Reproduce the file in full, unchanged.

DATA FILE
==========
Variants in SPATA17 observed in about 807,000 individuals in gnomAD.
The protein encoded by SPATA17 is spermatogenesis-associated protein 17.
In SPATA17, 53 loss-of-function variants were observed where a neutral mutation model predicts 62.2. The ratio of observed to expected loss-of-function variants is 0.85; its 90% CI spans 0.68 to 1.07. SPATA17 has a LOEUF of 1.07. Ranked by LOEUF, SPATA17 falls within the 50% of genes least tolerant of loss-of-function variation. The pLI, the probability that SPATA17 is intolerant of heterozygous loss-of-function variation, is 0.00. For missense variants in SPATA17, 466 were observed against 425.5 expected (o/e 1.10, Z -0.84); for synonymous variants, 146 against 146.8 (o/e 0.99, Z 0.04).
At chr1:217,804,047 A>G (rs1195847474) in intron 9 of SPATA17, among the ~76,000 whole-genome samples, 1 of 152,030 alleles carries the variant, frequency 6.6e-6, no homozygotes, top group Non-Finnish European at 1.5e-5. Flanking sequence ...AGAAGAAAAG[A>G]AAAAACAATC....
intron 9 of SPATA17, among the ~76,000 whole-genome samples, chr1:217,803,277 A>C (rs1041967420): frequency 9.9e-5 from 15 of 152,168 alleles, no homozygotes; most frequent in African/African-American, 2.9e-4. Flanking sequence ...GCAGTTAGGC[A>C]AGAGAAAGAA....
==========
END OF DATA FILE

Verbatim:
Variants in SPATA17 observed in about 807,000 individuals in gnomAD.
The protein encoded by SPATA17 is spermatogenesis-associated protein 17.
In SPATA17, 53 loss-of-function variants were observed where a neutral mutation model predicts 62.2. The ratio of observed to expected loss-of-function variants is 0.85; its 90% CI spans 0.68 to 1.07. SPATA17 has a LOEUF of 1.07. Ranked by LOEUF, SPATA17 falls within the 50% of genes least tolerant of loss-of-function variation. The pLI, the probability that SPATA17 is intolerant of heterozygous loss-of-function variation, is 0.00. For missense variants in SPATA17, 466 were observed against 425.5 expected (o/e 1.10, Z -0.84); for synonymous variants, 146 against 146.8 (o/e 0.99, Z 0.04).
At chr1:217,804,047 A>G (rs1195847474) in intron 9 of SPATA17, among the ~76,000 whole-genome samples, 1 of 152,030 alleles carries the variant, frequency 6.6e-6, no homozygotes, top group Non-Finnish European at 1.5e-5. Flanking sequence ...AGAAGAAAAG[A>G]AAAAACAATC....
intron 9 of SPATA17, among the ~76,000 whole-genome samples, chr1:217,803,277 A>C (rs1041967420): frequency 9.9e-5 from 15 of 152,168 alleles, no homozygotes; most frequent in African/African-American, 2.9e-4. Flanking sequence ...GCAGTTAGGC[A>C]AGAGAAAGAA....